Reflections on teaching the Holocaust

Author: Sarah Jackson
Published: 12/05/2022
Why is Oskar Schindler so significant?

The rationale

Teaching the Holocaust poses a particular challenge for history teachers. The National Curriculum requires us to teach it and it continues to feature highly in Nazi Germany GCSE and A Level specifications. Yet as a professional community we find it difficult to rely purely on our subject’s concepts and processes to guide our lesson planning because this topic is particularly emotive and seems, at times, incomprehensible.

At this time of year, there is also the danger that in seeking to enhance the citizenship education of students across the whole school, we take the Final Solution out of its historical context. We run the risk of inappropriately exposing students to harrowing images and reducing the Jewish population to the status of just victims.

Holocaust Memorial Day is a good opportunity to remember the atrocities of the Second World War, but also to remember that there were resistance movements to the Nazi regime from many groups of people, including the Jews. It gives us the opportunity to reflect on our teaching of this subject and to look beyond statistics to the individual stories that bring the grand narratives of the past alive.

The lesson

I was inspired to create this lesson after watching Schindler’s List. I’d not watched it for many years and with the eyes of a history teacher I saw, with renewed appreciation, that Schindler was a truly remarkable man. It reminded me of the need to help our students see people not just as statistics but as individuals with families, jobs and hobbies, many of whom did not accept their situation passively. After further research, I found that Schindler’s story could be used to tie together several themes from the Nazi Germany GCSE topic and allow me to reiterate the idea that there were many types of resistance to the Nazi Regime from a variety of groups, including the Jews.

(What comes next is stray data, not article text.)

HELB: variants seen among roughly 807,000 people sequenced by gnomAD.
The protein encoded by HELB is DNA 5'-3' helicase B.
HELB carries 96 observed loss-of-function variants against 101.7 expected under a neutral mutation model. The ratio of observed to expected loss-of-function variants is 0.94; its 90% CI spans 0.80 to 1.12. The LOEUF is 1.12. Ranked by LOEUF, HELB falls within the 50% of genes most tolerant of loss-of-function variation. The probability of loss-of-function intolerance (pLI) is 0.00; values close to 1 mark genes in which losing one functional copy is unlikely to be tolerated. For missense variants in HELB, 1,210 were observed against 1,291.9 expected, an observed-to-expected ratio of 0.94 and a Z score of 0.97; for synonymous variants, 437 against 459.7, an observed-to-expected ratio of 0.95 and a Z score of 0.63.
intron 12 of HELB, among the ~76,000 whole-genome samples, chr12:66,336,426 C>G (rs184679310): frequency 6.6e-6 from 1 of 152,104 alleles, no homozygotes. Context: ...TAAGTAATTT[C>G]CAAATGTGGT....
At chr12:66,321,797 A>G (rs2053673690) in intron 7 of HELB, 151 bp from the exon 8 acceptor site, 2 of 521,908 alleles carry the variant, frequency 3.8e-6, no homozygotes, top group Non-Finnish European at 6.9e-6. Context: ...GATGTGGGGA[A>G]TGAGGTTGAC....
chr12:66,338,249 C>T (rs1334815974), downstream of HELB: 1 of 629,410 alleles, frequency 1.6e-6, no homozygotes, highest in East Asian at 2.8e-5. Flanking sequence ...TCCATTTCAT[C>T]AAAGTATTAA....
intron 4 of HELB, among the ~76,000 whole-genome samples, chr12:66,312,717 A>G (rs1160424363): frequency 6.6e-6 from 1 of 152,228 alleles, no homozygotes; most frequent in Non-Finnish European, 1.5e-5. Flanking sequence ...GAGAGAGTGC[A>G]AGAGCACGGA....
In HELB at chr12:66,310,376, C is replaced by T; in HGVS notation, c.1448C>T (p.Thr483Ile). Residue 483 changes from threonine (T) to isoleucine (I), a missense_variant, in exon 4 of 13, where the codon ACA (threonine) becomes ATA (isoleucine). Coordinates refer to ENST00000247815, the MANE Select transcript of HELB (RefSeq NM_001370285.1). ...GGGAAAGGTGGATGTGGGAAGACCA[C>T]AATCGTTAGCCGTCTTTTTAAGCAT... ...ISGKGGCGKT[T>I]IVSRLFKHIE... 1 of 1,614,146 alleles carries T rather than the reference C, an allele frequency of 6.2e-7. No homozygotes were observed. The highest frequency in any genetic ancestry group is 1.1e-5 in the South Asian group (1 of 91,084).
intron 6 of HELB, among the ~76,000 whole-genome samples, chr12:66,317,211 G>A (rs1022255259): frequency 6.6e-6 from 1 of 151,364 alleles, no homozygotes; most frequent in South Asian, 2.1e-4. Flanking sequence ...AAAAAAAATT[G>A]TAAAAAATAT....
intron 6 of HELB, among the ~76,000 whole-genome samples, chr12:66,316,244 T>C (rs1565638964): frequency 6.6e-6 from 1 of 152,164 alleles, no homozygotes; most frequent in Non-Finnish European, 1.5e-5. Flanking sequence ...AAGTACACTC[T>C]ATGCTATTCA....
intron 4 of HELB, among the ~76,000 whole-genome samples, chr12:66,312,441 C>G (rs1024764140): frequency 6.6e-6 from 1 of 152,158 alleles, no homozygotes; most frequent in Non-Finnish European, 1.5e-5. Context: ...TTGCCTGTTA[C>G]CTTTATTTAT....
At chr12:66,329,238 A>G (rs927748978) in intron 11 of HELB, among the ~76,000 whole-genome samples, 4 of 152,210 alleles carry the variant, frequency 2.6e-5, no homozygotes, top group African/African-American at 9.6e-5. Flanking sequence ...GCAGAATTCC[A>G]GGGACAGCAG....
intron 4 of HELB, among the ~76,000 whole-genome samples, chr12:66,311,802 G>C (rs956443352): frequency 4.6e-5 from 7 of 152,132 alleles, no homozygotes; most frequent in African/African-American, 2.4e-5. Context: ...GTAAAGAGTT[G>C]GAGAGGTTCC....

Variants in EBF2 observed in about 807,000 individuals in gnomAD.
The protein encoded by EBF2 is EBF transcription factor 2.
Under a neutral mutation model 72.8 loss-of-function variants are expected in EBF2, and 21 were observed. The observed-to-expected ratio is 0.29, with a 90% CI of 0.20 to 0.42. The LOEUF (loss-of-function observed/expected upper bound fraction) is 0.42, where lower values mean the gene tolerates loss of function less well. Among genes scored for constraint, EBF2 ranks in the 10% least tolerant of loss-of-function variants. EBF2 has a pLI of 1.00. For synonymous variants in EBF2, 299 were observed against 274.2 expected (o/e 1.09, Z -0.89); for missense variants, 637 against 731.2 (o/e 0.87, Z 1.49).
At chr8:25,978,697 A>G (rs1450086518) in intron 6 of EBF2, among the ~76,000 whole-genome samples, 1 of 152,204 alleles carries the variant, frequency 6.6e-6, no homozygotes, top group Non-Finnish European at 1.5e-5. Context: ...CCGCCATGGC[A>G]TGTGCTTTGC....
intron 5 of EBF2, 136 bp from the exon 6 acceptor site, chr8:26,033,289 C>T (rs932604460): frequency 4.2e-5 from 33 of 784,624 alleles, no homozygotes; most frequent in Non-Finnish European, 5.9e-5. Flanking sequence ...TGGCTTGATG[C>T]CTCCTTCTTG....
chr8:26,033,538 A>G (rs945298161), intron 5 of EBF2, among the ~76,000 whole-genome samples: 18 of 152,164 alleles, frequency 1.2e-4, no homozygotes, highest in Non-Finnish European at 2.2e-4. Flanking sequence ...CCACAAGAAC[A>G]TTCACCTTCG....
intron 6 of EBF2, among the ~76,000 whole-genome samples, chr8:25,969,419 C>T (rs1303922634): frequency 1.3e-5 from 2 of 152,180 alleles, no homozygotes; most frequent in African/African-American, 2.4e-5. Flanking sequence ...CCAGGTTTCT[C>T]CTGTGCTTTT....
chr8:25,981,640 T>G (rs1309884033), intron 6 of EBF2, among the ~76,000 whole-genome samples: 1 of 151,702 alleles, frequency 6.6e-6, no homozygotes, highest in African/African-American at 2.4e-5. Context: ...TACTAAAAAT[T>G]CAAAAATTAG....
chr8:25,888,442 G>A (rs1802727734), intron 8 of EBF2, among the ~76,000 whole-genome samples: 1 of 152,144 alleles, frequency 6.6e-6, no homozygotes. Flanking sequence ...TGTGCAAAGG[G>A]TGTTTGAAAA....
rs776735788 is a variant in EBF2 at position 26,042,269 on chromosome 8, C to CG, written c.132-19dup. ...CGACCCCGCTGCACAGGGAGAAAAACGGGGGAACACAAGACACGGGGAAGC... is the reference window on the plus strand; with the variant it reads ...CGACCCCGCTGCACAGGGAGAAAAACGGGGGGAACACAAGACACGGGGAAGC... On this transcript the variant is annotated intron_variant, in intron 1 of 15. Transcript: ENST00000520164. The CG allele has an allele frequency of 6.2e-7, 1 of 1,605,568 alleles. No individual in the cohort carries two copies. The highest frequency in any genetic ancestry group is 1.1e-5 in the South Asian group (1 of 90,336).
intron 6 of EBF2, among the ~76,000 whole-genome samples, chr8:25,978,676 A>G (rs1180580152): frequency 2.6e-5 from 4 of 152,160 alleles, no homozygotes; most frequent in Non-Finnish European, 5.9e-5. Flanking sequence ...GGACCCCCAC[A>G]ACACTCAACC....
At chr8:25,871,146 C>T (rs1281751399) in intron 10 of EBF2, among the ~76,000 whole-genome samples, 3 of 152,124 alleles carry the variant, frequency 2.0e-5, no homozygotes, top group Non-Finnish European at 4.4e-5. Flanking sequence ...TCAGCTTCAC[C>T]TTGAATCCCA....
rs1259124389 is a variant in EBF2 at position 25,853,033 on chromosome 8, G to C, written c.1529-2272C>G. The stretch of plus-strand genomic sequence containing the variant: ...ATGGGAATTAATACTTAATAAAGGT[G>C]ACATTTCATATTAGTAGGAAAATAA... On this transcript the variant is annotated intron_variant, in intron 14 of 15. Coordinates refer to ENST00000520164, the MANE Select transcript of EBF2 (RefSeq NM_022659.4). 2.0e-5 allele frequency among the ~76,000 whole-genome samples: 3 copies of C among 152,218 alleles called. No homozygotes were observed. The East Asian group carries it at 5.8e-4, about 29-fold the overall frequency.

When using this lesson, I particularly enjoyed hearing students debate the significance of Schindler using Christine Counsell’s ‘5Rs’ because their explanations were articulate, nuanced and well evidenced − it was clear that the details of Schindler’s story had captured their attention, as well as enhanced their understanding of the time period.

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This article was first published as a newsletter.

Sarah Jackson

Sarah Jackson contributes regularly to Teachit History. She has been teaching for four years and recently completed her MA APSE, which focused on teaching literacy and interpretations in history. She loves taking inspiration from other teachers at conferences and is a keen believer in the value of a meaningful enquiry question.